By Susan Vansant Bartz
Last weekend my husband and I went with another couple to the San Marcos Foothills Preserve to enjoy a beautiful sunset. We parked and walked, masked and distanced, into gently sloping boulder-strewn fields until we found a perfect rock, where we set up our chairs and sat together as the sun went down. We watched as the sunlight on the wide-open fields changed from sunny tan to a warm golden color, and finally to a red “alpenglow” as the sun set. We beheld this stunning reddish glow reflected all along the cliffs of the Santa Ynez Mountains that form the scenic backdrop to our town. Dusk came, and then darkness…
And then, suddenly, as we sat in the darkening night, the owls began to emerge from some nearby oak trees on their night-time hunts. It was beyond spectacular to see how fast and silently they flew and to watch as — one after another — they dived straight down toward their prey, then rose within seconds to fly back to their nests. I realized, too, that “our” boulder was providing safe haven for the little creatures whose diggings around the bottom of the rock.
Short-Eared Owl in Flight, West Mesa, San Marcos Foothills (Photo: Mark Bright)
As the stars began to come out, I contemplated the shadowy shapes of the boulders lying here and there in the fields around us. And I realized that the importance of this beautiful open space consists not only in the grassland ecosystem it supports, but also in the dynamic geologic history that it records. Because the boulder fields of San Marcos Foothills are the signature feature of the huge San Antonio Alluvial Fan – an unspoiled remnant from a very different geologic time.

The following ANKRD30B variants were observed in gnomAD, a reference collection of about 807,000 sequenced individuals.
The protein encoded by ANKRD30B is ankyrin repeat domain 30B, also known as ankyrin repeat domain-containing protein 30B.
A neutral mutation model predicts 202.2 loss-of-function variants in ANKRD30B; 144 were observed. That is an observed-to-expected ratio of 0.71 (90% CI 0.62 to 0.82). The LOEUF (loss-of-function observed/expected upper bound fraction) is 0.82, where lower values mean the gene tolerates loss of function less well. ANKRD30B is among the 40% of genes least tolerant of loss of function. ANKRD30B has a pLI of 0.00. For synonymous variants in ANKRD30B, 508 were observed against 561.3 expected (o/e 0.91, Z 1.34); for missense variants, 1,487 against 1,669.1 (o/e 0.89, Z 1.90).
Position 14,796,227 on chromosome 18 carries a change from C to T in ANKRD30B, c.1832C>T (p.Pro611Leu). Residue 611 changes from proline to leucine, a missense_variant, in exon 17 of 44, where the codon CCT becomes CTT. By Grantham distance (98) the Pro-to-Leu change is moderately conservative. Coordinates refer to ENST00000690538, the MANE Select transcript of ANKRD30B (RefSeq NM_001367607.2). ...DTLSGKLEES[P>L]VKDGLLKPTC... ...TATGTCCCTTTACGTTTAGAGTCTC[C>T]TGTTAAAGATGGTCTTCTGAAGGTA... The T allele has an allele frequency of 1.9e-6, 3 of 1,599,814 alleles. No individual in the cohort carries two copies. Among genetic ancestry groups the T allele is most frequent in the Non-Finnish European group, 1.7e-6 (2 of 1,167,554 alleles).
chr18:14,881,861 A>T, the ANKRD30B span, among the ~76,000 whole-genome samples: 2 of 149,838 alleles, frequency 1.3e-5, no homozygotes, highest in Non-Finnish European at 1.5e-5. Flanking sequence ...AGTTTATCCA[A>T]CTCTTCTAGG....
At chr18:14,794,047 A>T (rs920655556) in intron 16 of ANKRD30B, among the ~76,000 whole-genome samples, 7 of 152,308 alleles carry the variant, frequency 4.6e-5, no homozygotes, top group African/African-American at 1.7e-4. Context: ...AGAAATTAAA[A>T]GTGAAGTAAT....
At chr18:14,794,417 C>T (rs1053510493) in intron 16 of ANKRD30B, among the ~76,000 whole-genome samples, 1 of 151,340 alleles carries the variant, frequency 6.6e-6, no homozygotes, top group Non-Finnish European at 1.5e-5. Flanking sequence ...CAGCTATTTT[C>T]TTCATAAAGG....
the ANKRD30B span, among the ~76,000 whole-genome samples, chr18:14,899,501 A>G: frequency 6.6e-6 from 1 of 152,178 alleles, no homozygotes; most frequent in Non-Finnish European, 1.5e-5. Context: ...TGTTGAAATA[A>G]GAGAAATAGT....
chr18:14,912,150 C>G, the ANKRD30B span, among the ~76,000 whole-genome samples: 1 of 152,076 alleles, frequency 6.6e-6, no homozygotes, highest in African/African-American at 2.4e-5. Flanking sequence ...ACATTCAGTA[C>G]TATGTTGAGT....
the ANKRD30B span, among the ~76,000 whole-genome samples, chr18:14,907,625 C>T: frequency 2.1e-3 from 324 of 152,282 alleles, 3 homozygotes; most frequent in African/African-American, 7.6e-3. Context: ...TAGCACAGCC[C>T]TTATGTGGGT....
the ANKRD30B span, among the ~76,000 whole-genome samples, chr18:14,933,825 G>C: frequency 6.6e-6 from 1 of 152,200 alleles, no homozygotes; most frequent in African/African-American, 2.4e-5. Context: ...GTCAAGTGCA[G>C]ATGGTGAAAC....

This alluvial fan – a high mesa-like structure nearly 300 feet thick and some 3 miles long — was deposited in a series of gigantic debris flows that would make the Montecito debris flows of 2018 look tame indeed. And it is only one of many others along our coast.
Like the others, the San Antonio debris flows were powered by the torrential rainstorms of the glacial ages. The deluge of those storms dug the cliff rocks loose and brought huge slugs of earth material roaring down the mountain in catastrophic episodes. All that material – sand, mud, water, and boulders – came to rest on the coastal plain, where it spread out in a large fan-shaped structure thousands of years ago, and where it remains today.
Boulder Fields of West Mesa, San Marcos Foothills (Photo: Susan Bartz)
Many of our local alluvial fans have been bulldozed and developed one way or another. Amazingly though, San Marcos Foothills’ boulder fields still retain the shape and much of the intact composition of the original super-catastrophe that formed them. Measurements of some boulders near this particular fan remnant are considered to be about 100,000 years of age by UCSB geologists. Clearly, the San Marcos Foothills offers a precious and intact piece of our local geologic story.
You can see a nice cross-section of the San Antonio Fan deposits in the road-cut of Highway 154, just south of San Antonio Creek, but don’t look unless someone else is driving! Farther east, many homes on the “Riviera” are built on the Rattlesnake Fan, and a few remnant boulders lie near the Riviera Theater’s bus stop.
…..Finally, night had come and it was time to go. I paused, humbled by the gift of raw natural history offered by these Foothills. I was thankful for the majestic mountains that provided the boulder where we sat, and for the little creatures whose entrance diggings led to their homes beneath. As we left, I carried with me the silent symphony of the owl hunts. And I’m thankful to Channel Islands Restoration for leading the effort to obtain and preserve this unique open space.
If you would like to support the campaign to buy and protect the undeveloped portions of the San Marcos Foothills, please visit this site.